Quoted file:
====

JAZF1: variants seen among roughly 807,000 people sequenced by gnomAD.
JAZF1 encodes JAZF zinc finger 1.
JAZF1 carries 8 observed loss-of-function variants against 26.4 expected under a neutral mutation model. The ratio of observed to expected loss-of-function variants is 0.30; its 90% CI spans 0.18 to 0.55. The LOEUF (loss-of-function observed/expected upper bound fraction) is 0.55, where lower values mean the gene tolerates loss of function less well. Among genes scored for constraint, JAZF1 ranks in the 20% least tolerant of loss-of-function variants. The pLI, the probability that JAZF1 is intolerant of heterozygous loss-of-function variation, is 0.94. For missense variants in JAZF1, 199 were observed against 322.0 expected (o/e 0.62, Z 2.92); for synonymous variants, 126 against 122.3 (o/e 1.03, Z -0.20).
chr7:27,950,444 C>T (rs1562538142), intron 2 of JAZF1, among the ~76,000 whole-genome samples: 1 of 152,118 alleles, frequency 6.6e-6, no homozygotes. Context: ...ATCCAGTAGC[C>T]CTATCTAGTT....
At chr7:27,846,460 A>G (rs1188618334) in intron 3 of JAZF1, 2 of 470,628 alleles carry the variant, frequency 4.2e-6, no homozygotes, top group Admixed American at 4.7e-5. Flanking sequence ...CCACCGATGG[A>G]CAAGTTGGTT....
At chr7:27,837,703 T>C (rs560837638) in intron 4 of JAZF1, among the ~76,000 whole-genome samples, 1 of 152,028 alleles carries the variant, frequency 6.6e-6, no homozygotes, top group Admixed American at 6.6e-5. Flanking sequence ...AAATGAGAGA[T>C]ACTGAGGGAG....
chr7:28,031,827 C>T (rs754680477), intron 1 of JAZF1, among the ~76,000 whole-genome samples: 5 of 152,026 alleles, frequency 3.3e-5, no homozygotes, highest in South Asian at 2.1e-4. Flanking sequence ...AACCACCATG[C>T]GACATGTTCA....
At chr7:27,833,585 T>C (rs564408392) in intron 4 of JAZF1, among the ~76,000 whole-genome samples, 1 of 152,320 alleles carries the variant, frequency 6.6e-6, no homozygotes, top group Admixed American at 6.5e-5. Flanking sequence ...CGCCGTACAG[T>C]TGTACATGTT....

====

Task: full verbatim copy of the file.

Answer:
JAZF1: variants seen among roughly 807,000 people sequenced by gnomAD.
JAZF1 encodes JAZF zinc finger 1.
JAZF1 carries 8 observed loss-of-function variants against 26.4 expected under a neutral mutation model. The ratio of observed to expected loss-of-function variants is 0.30; its 90% CI spans 0.18 to 0.55. The LOEUF (loss-of-function observed/expected upper bound fraction) is 0.55, where lower values mean the gene tolerates loss of function less well. Among genes scored for constraint, JAZF1 ranks in the 20% least tolerant of loss-of-function variants. The pLI, the probability that JAZF1 is intolerant of heterozygous loss-of-function variation, is 0.94. For missense variants in JAZF1, 199 were observed against 322.0 expected (o/e 0.62, Z 2.92); for synonymous variants, 126 against 122.3 (o/e 1.03, Z -0.20).
chr7:27,950,444 C>T (rs1562538142), intron 2 of JAZF1, among the ~76,000 whole-genome samples: 1 of 152,118 alleles, frequency 6.6e-6, no homozygotes. Context: ...ATCCAGTAGC[C>T]CTATCTAGTT....
At chr7:27,846,460 A>G (rs1188618334) in intron 3 of JAZF1, 2 of 470,628 alleles carry the variant, frequency 4.2e-6, no homozygotes, top group Admixed American at 4.7e-5. Flanking sequence ...CCACCGATGG[A>G]CAAGTTGGTT....
At chr7:27,837,703 T>C (rs560837638) in intron 4 of JAZF1, among the ~76,000 whole-genome samples, 1 of 152,028 alleles carries the variant, frequency 6.6e-6, no homozygotes, top group Admixed American at 6.6e-5. Flanking sequence ...AAATGAGAGA[T>C]ACTGAGGGAG....
chr7:28,031,827 C>T (rs754680477), intron 1 of JAZF1, among the ~76,000 whole-genome samples: 5 of 152,026 alleles, frequency 3.3e-5, no homozygotes, highest in South Asian at 2.1e-4. Flanking sequence ...AACCACCATG[C>T]GACATGTTCA....
At chr7:27,833,585 T>C (rs564408392) in intron 4 of JAZF1, among the ~76,000 whole-genome samples, 1 of 152,320 alleles carries the variant, frequency 6.6e-6, no homozygotes, top group Admixed American at 6.5e-5. Flanking sequence ...CGCCGTACAG[T>C]TGTACATGTT....